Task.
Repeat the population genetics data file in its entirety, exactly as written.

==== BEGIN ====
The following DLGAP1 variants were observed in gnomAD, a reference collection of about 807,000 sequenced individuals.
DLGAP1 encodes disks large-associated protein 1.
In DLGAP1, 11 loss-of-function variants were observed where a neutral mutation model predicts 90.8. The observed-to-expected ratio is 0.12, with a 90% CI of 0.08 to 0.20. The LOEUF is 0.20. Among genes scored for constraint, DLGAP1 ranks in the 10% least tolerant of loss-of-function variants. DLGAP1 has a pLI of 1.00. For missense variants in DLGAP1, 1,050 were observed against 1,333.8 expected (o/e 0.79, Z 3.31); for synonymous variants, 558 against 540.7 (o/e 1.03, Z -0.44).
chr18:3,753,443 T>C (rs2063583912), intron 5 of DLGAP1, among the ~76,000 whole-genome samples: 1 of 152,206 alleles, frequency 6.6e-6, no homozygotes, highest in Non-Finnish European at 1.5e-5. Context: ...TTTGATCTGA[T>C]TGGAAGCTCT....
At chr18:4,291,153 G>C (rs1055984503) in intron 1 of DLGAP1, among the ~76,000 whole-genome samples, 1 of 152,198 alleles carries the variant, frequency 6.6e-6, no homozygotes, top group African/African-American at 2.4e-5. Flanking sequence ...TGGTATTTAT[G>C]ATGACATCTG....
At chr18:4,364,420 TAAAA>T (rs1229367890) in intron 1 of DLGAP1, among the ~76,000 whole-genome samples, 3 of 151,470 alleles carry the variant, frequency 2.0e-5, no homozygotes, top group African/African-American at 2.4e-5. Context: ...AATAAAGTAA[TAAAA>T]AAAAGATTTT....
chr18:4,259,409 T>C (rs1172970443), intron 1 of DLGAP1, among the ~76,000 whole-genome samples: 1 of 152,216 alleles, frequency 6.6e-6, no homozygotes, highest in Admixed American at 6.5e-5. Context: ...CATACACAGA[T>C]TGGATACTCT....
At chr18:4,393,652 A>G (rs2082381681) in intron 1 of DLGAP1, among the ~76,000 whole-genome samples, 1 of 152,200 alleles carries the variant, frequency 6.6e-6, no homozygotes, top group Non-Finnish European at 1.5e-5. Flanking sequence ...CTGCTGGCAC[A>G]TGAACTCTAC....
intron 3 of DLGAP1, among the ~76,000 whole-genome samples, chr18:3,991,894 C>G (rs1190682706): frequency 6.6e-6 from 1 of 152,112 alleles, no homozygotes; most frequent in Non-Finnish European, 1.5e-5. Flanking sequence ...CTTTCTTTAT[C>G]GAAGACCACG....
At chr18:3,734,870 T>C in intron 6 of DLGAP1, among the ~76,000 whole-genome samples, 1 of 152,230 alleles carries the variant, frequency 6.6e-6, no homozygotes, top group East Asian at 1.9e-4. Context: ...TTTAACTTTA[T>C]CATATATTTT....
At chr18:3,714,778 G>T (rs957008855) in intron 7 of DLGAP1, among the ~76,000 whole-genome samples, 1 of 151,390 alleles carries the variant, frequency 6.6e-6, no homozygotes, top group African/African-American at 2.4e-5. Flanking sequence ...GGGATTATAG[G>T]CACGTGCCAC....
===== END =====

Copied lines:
The following DLGAP1 variants were observed in gnomAD, a reference collection of about 807,000 sequenced individuals.
DLGAP1 encodes disks large-associated protein 1.
In DLGAP1, 11 loss-of-function variants were observed where a neutral mutation model predicts 90.8. The observed-to-expected ratio is 0.12, with a 90% CI of 0.08 to 0.20. The LOEUF is 0.20. Among genes scored for constraint, DLGAP1 ranks in the 10% least tolerant of loss-of-function variants. DLGAP1 has a pLI of 1.00. For missense variants in DLGAP1, 1,050 were observed against 1,333.8 expected (o/e 0.79, Z 3.31); for synonymous variants, 558 against 540.7 (o/e 1.03, Z -0.44).
chr18:3,753,443 T>C (rs2063583912), intron 5 of DLGAP1, among the ~76,000 whole-genome samples: 1 of 152,206 alleles, frequency 6.6e-6, no homozygotes, highest in Non-Finnish European at 1.5e-5. Context: ...TTTGATCTGA[T>C]TGGAAGCTCT....
At chr18:4,291,153 G>C (rs1055984503) in intron 1 of DLGAP1, among the ~76,000 whole-genome samples, 1 of 152,198 alleles carries the variant, frequency 6.6e-6, no homozygotes, top group African/African-American at 2.4e-5. Flanking sequence ...TGGTATTTAT[G>C]ATGACATCTG....
At chr18:4,364,420 TAAAA>T (rs1229367890) in intron 1 of DLGAP1, among the ~76,000 whole-genome samples, 3 of 151,470 alleles carry the variant, frequency 2.0e-5, no homozygotes, top group African/African-American at 2.4e-5. Context: ...AATAAAGTAA[TAAAA>T]AAAAGATTTT....
chr18:4,259,409 T>C (rs1172970443), intron 1 of DLGAP1, among the ~76,000 whole-genome samples: 1 of 152,216 alleles, frequency 6.6e-6, no homozygotes, highest in Admixed American at 6.5e-5. Context: ...CATACACAGA[T>C]TGGATACTCT....
At chr18:4,393,652 A>G (rs2082381681) in intron 1 of DLGAP1, among the ~76,000 whole-genome samples, 1 of 152,200 alleles carries the variant, frequency 6.6e-6, no homozygotes, top group Non-Finnish European at 1.5e-5. Flanking sequence ...CTGCTGGCAC[A>G]TGAACTCTAC....
intron 3 of DLGAP1, among the ~76,000 whole-genome samples, chr18:3,991,894 C>G (rs1190682706): frequency 6.6e-6 from 1 of 152,112 alleles, no homozygotes; most frequent in Non-Finnish European, 1.5e-5. Flanking sequence ...CTTTCTTTAT[C>G]GAAGACCACG....
At chr18:3,734,870 T>C in intron 6 of DLGAP1, among the ~76,000 whole-genome samples, 1 of 152,230 alleles carries the variant, frequency 6.6e-6, no homozygotes, top group East Asian at 1.9e-4. Context: ...TTTAACTTTA[T>C]CATATATTTT....
At chr18:3,714,778 G>T (rs957008855) in intron 7 of DLGAP1, among the ~76,000 whole-genome samples, 1 of 151,390 alleles carries the variant, frequency 6.6e-6, no homozygotes, top group African/African-American at 2.4e-5. Flanking sequence ...GGGATTATAG[G>T]CACGTGCCAC....